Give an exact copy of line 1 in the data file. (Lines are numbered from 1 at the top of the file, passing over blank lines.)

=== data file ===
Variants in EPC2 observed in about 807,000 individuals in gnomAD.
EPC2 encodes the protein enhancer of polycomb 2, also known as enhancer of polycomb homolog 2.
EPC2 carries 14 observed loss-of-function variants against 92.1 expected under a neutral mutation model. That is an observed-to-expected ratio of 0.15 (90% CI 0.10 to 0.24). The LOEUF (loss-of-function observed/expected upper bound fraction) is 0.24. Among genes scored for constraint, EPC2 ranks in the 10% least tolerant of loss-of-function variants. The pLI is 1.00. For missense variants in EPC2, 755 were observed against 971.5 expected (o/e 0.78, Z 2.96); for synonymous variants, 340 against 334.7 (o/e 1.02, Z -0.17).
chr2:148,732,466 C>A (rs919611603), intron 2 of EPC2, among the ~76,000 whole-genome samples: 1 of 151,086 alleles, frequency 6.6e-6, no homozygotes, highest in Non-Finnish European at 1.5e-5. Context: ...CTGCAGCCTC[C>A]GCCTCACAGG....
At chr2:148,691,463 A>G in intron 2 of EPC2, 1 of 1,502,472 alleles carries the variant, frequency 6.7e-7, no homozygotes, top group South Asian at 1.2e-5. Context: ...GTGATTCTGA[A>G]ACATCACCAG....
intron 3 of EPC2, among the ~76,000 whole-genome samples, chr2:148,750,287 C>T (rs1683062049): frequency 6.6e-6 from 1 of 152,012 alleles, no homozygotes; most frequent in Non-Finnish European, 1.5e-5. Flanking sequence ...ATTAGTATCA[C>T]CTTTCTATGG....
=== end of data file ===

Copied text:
Variants in EPC2 observed in about 807,000 individuals in gnomAD.